Hey, all! Drake here to talk about a killer day we spent traveling around some cool places near London (not to mention a lovely evening in London itself). This day really embodied why England is the perfect place to finish our little trek: there was something here to summarize every part of the adventure. The ancientness of Rome, the college-town comfort of Bologna, the royalty of Versailles, the sheer size and scope of Paris–we experienced a reminder of and a conclusion to each, along with the special gifts London itself had to offer (which are many!).
Of course, the only way to get all of these great places in one day was a bus tour! A lovely Ghanian driver and British tour guide from Golden Tours led us to Windsor, Stonehenge, and Oxford. Windsor Castle was first up! As one of the largest and most grand of Queen Elizabeth II’s many residences, Windsor provided the “royal” element of the day. The main building contained many joys, the most notable being the State Apartments, grand room after grand room full of weapons, furniture, artwork, and other decoration suited only for a monarch. My favorite part, however, was the gallery of photographs celebrating Queen Elizabeth II’s Diamond Jubilee! (That’s right, folks, she’s been reigning for sixty years. Wowsers.) It was a pictorial history of Her Royal Highness’s entire life. Odd to watch a person age in real life, but extremely odd to watch them age through a room of pictures. After a quick stop through the local chapel (GORGEOUS) and a quick lunch, we made it back to the bus just in time!
Our next stop provided the “ancientness” fix (the first real one we’d had since Rome). Stonehenge, the legendary monument built for a mysterious purpose by an unknown civilization, was (for me) the most pleasant surprise of the day. Don’t get me wrong: I expected to enjoy Stonehenge. I just didn’t expect to find the history and legends surrounding the stones so intensely fascinating. In fact, I listened to the audioguide all the way through. Byron (being himself) and Sarah (having seen it before) still enjoyed the monument (probably just as much) but also enjoyed the nice bit of sunbathing they experienced while looking at it. Though not nearly as interesting (nor as well-documented) as Roman history, Stonehenge has a certain magic due to all of the unknowns surrounding its creation and purpose.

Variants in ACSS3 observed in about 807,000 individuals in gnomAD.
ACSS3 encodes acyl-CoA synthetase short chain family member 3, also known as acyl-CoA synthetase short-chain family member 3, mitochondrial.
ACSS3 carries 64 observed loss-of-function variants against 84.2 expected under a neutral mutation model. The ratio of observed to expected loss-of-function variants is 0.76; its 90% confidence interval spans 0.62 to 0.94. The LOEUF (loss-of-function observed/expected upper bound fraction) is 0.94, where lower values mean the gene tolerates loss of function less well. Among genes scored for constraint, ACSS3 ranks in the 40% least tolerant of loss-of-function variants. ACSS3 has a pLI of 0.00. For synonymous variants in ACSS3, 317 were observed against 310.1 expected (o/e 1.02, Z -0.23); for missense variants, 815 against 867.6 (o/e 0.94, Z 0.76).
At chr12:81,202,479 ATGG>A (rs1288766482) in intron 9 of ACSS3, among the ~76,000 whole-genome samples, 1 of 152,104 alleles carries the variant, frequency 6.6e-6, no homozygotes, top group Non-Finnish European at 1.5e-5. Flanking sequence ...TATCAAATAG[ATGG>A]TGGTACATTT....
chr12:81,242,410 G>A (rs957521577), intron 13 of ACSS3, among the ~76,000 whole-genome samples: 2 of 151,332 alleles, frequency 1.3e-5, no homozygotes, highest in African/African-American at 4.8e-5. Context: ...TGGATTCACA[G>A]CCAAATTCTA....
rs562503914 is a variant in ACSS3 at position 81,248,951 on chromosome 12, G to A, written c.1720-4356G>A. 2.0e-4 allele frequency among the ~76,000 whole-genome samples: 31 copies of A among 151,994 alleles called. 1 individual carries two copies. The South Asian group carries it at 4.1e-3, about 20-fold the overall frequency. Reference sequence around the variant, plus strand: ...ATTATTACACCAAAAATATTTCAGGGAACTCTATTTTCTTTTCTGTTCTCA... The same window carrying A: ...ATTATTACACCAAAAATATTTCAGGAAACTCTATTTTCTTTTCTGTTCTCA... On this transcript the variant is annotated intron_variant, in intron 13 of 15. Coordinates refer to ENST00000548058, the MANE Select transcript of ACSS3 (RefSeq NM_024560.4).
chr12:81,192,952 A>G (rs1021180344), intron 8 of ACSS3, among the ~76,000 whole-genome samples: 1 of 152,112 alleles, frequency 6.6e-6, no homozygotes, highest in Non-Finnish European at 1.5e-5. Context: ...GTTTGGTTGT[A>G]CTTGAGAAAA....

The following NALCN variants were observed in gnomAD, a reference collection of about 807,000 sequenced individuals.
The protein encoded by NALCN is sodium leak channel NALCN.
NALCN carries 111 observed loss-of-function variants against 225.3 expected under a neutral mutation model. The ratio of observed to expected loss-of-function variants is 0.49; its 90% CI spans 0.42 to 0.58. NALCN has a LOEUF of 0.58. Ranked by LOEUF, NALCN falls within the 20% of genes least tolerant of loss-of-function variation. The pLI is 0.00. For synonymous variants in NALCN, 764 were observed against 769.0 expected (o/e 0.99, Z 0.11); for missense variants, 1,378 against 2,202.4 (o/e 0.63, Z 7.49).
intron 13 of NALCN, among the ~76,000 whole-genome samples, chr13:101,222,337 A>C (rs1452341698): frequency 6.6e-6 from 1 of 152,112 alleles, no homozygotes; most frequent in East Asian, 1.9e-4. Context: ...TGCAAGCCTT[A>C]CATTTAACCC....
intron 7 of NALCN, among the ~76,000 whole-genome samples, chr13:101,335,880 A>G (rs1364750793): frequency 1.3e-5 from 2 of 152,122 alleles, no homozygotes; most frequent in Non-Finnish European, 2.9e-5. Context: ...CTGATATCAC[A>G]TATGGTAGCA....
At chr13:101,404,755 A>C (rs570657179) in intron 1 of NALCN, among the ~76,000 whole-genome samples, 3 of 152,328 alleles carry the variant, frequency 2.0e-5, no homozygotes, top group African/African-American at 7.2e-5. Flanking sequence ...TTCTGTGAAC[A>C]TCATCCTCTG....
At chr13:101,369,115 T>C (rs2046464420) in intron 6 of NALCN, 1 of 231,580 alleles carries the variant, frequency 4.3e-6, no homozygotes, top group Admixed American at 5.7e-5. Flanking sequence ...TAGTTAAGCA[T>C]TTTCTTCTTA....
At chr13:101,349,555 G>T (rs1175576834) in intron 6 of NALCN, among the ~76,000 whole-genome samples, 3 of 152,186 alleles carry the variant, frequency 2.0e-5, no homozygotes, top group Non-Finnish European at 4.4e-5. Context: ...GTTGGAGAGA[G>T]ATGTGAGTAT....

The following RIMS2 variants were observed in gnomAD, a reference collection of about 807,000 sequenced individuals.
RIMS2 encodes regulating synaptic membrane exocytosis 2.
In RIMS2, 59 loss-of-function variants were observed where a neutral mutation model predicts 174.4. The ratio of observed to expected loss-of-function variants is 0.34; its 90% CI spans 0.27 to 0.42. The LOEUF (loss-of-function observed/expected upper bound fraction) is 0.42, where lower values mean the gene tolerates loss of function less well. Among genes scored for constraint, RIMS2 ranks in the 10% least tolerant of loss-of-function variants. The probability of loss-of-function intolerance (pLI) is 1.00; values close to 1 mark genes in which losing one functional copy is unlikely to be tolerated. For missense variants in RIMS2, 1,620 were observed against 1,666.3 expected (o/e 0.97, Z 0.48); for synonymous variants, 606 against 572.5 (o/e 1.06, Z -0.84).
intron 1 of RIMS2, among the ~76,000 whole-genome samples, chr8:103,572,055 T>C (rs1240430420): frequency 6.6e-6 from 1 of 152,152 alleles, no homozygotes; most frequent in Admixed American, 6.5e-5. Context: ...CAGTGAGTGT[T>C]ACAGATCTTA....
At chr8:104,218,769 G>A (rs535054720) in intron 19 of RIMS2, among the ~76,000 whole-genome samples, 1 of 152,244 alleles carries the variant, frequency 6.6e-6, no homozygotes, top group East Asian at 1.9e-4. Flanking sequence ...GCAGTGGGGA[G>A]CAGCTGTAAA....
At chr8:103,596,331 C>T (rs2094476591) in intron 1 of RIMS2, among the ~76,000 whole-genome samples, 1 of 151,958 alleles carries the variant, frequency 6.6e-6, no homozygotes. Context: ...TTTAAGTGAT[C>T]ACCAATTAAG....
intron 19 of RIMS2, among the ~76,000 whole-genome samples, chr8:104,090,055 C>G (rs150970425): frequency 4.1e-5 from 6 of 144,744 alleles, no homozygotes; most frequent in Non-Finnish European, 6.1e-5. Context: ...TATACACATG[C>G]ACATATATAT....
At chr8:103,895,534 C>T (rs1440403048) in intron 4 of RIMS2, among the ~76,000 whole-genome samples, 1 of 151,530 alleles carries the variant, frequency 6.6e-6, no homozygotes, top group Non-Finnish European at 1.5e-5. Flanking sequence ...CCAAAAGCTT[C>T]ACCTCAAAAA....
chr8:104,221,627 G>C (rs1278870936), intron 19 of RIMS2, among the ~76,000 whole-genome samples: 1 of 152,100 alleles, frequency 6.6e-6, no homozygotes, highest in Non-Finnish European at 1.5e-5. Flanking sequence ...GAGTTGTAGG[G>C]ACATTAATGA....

Then there was the lovely wrapup to the original purpose of the whole trip in Oxford. As the only truly significant piece missing from the From Bologna to Bologna course we finished earlier this week, it was a real privilege to spend a couple of hours in the town of the world’s (debatably) most famous university, which, in Oxford, is basically spending it on the university’s “campus” (or the closest thing it has to a campus). Oxford had a wonderful vibe. If we had spent a good deal of time there, I have no doubt it would have been another indispensable Bologna experience defined by that incredible collegiate spirit that feels so natural and comfortable to students from all universities. As it was, Sarah and I (as much as we love UK) both had this gut desire to transfer right then and there. This was a perfect stop to make.
Possibly my favorite part of the day, however, happened after we returned to London. Byron took off to go climbing (much to general amazement), and Sarah and I headed back to our little neck of the woods in Kilburn. We found, for the third city in a row, marvelous Asian food to eat. This time, the location was the Speedy Noodle (a name perhaps even more epic than Bologna’s Golden Dragon), where we both reveled in the culinary abilities of our Far Eastern brethren. Good stuff. This was London’s special offering: a unique urban experience and diversity unmatchable even by Paris. We struggled to choose between Chinese, Indian, Persian, Lebanese, classic British, Italian, and (yes) American food, and this only scratched the surface of one street.
It was a whirlwind of a day, embodying everything wonderful about our excursion and everything captivating about London and its surrounding areas. I’m getting ready to come home, but can I live here, too? Stay tuned for more!